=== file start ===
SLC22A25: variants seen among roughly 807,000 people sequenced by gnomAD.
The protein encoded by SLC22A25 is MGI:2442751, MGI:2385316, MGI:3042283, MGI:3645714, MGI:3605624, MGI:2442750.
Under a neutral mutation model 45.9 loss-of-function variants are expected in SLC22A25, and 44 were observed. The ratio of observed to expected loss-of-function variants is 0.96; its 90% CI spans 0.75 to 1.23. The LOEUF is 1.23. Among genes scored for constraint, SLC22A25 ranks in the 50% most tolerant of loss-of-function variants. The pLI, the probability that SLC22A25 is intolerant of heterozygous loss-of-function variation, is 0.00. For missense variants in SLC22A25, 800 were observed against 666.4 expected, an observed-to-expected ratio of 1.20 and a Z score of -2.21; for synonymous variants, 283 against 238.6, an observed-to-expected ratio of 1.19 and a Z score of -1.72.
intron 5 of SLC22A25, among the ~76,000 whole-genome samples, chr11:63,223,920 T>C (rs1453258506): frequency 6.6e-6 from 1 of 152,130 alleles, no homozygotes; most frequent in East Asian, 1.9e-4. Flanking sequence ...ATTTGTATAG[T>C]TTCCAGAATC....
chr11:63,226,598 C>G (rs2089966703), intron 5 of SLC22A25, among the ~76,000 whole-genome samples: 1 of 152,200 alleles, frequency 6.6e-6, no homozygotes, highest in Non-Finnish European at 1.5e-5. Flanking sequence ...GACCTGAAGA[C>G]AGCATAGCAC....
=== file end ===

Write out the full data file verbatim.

SLC22A25: variants seen among roughly 807,000 people sequenced by gnomAD.
The protein encoded by SLC22A25 is MGI:2442751, MGI:2385316, MGI:3042283, MGI:3645714, MGI:3605624, MGI:2442750.
Under a neutral mutation model 45.9 loss-of-function variants are expected in SLC22A25, and 44 were observed. The ratio of observed to expected loss-of-function variants is 0.96; its 90% CI spans 0.75 to 1.23. The LOEUF is 1.23. Among genes scored for constraint, SLC22A25 ranks in the 50% most tolerant of loss-of-function variants. The pLI, the probability that SLC22A25 is intolerant of heterozygous loss-of-function variation, is 0.00. For missense variants in SLC22A25, 800 were observed against 666.4 expected, an observed-to-expected ratio of 1.20 and a Z score of -2.21; for synonymous variants, 283 against 238.6, an observed-to-expected ratio of 1.19 and a Z score of -1.72.
intron 5 of SLC22A25, among the ~76,000 whole-genome samples, chr11:63,223,920 T>C (rs1453258506): frequency 6.6e-6 from 1 of 152,130 alleles, no homozygotes; most frequent in East Asian, 1.9e-4. Flanking sequence ...ATTTGTATAG[T>C]TTCCAGAATC....
chr11:63,226,598 C>G (rs2089966703), intron 5 of SLC22A25, among the ~76,000 whole-genome samples: 1 of 152,200 alleles, frequency 6.6e-6, no homozygotes, highest in Non-Finnish European at 1.5e-5. Flanking sequence ...GACCTGAAGA[C>G]AGCATAGCAC....